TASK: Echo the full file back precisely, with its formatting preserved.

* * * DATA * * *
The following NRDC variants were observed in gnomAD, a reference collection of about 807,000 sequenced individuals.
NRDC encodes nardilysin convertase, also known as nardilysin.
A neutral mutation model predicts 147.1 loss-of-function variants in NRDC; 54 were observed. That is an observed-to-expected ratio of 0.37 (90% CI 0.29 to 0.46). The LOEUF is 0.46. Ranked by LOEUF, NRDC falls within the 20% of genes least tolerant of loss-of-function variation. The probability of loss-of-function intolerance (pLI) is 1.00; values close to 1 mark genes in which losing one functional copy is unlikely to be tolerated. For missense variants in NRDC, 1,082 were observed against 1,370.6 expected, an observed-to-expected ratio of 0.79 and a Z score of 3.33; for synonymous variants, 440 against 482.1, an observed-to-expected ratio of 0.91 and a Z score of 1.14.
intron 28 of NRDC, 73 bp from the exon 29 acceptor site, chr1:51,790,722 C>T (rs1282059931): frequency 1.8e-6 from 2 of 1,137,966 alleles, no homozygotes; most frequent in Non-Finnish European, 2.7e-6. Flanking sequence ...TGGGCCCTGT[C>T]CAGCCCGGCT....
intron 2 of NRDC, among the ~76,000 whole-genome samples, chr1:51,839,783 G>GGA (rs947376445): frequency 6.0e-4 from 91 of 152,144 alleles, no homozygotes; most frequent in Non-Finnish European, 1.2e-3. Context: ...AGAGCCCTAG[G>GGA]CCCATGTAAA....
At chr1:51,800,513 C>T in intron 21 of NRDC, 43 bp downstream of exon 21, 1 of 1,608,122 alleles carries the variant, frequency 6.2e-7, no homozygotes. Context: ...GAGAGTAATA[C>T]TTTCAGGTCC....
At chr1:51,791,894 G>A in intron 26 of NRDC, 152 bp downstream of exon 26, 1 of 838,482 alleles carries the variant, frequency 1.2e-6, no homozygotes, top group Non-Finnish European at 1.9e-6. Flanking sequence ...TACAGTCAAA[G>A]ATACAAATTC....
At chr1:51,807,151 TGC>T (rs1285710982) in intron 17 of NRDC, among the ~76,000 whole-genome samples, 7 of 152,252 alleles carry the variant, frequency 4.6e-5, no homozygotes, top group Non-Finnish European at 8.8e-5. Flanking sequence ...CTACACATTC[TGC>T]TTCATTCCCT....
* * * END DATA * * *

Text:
The following NRDC variants were observed in gnomAD, a reference collection of about 807,000 sequenced individuals.
NRDC encodes nardilysin convertase, also known as nardilysin.
A neutral mutation model predicts 147.1 loss-of-function variants in NRDC; 54 were observed. That is an observed-to-expected ratio of 0.37 (90% CI 0.29 to 0.46). The LOEUF is 0.46. Ranked by LOEUF, NRDC falls within the 20% of genes least tolerant of loss-of-function variation. The probability of loss-of-function intolerance (pLI) is 1.00; values close to 1 mark genes in which losing one functional copy is unlikely to be tolerated. For missense variants in NRDC, 1,082 were observed against 1,370.6 expected, an observed-to-expected ratio of 0.79 and a Z score of 3.33; for synonymous variants, 440 against 482.1, an observed-to-expected ratio of 0.91 and a Z score of 1.14.
intron 28 of NRDC, 73 bp from the exon 29 acceptor site, chr1:51,790,722 C>T (rs1282059931): frequency 1.8e-6 from 2 of 1,137,966 alleles, no homozygotes; most frequent in Non-Finnish European, 2.7e-6. Flanking sequence ...TGGGCCCTGT[C>T]CAGCCCGGCT....
intron 2 of NRDC, among the ~76,000 whole-genome samples, chr1:51,839,783 G>GGA (rs947376445): frequency 6.0e-4 from 91 of 152,144 alleles, no homozygotes; most frequent in Non-Finnish European, 1.2e-3. Context: ...AGAGCCCTAG[G>GGA]CCCATGTAAA....
At chr1:51,800,513 C>T in intron 21 of NRDC, 43 bp downstream of exon 21, 1 of 1,608,122 alleles carries the variant, frequency 6.2e-7, no homozygotes. Context: ...GAGAGTAATA[C>T]TTTCAGGTCC....
At chr1:51,791,894 G>A in intron 26 of NRDC, 152 bp downstream of exon 26, 1 of 838,482 alleles carries the variant, frequency 1.2e-6, no homozygotes, top group Non-Finnish European at 1.9e-6. Flanking sequence ...TACAGTCAAA[G>A]ATACAAATTC....
At chr1:51,807,151 TGC>T (rs1285710982) in intron 17 of NRDC, among the ~76,000 whole-genome samples, 7 of 152,252 alleles carry the variant, frequency 4.6e-5, no homozygotes, top group Non-Finnish European at 8.8e-5. Flanking sequence ...CTACACATTC[TGC>T]TTCATTCCCT....